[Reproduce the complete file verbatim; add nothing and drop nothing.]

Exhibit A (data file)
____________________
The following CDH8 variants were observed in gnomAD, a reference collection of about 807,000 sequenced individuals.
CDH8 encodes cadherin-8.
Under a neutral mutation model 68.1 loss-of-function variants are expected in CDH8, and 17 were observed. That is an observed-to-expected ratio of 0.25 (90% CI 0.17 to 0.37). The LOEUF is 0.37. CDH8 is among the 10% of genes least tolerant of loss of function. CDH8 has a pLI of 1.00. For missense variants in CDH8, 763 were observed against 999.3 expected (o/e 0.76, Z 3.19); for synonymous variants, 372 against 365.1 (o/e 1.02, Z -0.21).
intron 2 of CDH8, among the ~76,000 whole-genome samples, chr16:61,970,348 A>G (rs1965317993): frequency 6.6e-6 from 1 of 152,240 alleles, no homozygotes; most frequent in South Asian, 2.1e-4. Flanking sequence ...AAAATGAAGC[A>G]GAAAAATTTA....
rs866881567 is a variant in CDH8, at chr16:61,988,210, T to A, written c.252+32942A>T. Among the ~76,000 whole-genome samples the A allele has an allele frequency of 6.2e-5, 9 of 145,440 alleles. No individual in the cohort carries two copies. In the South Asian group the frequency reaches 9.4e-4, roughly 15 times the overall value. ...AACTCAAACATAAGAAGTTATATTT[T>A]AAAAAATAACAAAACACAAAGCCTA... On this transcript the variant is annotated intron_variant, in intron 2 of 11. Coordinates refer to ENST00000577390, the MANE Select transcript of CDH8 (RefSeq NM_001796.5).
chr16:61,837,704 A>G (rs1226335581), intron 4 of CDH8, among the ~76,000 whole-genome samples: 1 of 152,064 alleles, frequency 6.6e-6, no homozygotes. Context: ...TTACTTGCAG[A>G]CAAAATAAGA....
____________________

The following CDH8 variants were observed in gnomAD, a reference collection of about 807,000 sequenced individuals.
CDH8 encodes cadherin-8.
Under a neutral mutation model 68.1 loss-of-function variants are expected in CDH8, and 17 were observed. That is an observed-to-expected ratio of 0.25 (90% CI 0.17 to 0.37). The LOEUF is 0.37. CDH8 is among the 10% of genes least tolerant of loss of function. CDH8 has a pLI of 1.00. For missense variants in CDH8, 763 were observed against 999.3 expected (o/e 0.76, Z 3.19); for synonymous variants, 372 against 365.1 (o/e 1.02, Z -0.21).
intron 2 of CDH8, among the ~76,000 whole-genome samples, chr16:61,970,348 A>G (rs1965317993): frequency 6.6e-6 from 1 of 152,240 alleles, no homozygotes; most frequent in South Asian, 2.1e-4. Flanking sequence ...AAAATGAAGC[A>G]GAAAAATTTA....
rs866881567 is a variant in CDH8, at chr16:61,988,210, T to A, written c.252+32942A>T. Among the ~76,000 whole-genome samples the A allele has an allele frequency of 6.2e-5, 9 of 145,440 alleles. No individual in the cohort carries two copies. In the South Asian group the frequency reaches 9.4e-4, roughly 15 times the overall value. ...AACTCAAACATAAGAAGTTATATTT[T>A]AAAAAATAACAAAACACAAAGCCTA... On this transcript the variant is annotated intron_variant, in intron 2 of 11. Coordinates refer to ENST00000577390, the MANE Select transcript of CDH8 (RefSeq NM_001796.5).
chr16:61,837,704 A>G (rs1226335581), intron 4 of CDH8, among the ~76,000 whole-genome samples: 1 of 152,064 alleles, frequency 6.6e-6, no homozygotes. Context: ...TTACTTGCAG[A>G]CAAAATAAGA....